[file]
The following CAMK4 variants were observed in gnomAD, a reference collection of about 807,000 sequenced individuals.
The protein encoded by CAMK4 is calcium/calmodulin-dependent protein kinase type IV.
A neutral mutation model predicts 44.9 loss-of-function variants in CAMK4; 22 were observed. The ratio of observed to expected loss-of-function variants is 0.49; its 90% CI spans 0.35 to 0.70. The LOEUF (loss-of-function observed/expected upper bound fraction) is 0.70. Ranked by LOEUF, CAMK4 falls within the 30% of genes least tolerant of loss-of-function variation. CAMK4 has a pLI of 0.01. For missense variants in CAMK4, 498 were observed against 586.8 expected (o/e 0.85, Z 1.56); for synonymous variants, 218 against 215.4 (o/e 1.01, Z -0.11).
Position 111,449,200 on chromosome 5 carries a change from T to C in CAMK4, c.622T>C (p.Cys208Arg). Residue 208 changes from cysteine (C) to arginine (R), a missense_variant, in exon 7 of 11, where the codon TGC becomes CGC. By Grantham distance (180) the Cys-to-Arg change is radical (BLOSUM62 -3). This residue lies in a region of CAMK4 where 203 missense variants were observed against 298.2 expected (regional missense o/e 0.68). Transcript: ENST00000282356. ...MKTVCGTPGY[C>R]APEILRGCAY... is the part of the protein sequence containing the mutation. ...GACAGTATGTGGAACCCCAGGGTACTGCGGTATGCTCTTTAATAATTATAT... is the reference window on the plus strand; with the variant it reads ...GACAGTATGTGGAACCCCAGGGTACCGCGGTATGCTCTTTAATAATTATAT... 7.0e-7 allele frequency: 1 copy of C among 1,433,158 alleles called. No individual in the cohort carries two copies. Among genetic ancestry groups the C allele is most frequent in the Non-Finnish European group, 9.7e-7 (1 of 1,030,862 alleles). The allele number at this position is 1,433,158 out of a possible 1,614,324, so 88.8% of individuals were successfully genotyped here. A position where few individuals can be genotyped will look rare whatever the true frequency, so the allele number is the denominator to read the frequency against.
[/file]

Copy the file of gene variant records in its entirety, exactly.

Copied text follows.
The following CAMK4 variants were observed in gnomAD, a reference collection of about 807,000 sequenced individuals.
The protein encoded by CAMK4 is calcium/calmodulin-dependent protein kinase type IV.
A neutral mutation model predicts 44.9 loss-of-function variants in CAMK4; 22 were observed. The ratio of observed to expected loss-of-function variants is 0.49; its 90% CI spans 0.35 to 0.70. The LOEUF (loss-of-function observed/expected upper bound fraction) is 0.70. Ranked by LOEUF, CAMK4 falls within the 30% of genes least tolerant of loss-of-function variation. CAMK4 has a pLI of 0.01. For missense variants in CAMK4, 498 were observed against 586.8 expected (o/e 0.85, Z 1.56); for synonymous variants, 218 against 215.4 (o/e 1.01, Z -0.11).
Position 111,449,200 on chromosome 5 carries a change from T to C in CAMK4, c.622T>C (p.Cys208Arg). Residue 208 changes from cysteine (C) to arginine (R), a missense_variant, in exon 7 of 11, where the codon TGC becomes CGC. By Grantham distance (180) the Cys-to-Arg change is radical (BLOSUM62 -3). This residue lies in a region of CAMK4 where 203 missense variants were observed against 298.2 expected (regional missense o/e 0.68). Transcript: ENST00000282356. ...MKTVCGTPGY[C>R]APEILRGCAY... is the part of the protein sequence containing the mutation. ...GACAGTATGTGGAACCCCAGGGTACTGCGGTATGCTCTTTAATAATTATAT... is the reference window on the plus strand; with the variant it reads ...GACAGTATGTGGAACCCCAGGGTACCGCGGTATGCTCTTTAATAATTATAT... 7.0e-7 allele frequency: 1 copy of C among 1,433,158 alleles called. No individual in the cohort carries two copies. Among genetic ancestry groups the C allele is most frequent in the Non-Finnish European group, 9.7e-7 (1 of 1,030,862 alleles). The allele number at this position is 1,433,158 out of a possible 1,614,324, so 88.8% of individuals were successfully genotyped here. A position where few individuals can be genotyped will look rare whatever the true frequency, so the allele number is the denominator to read the frequency against.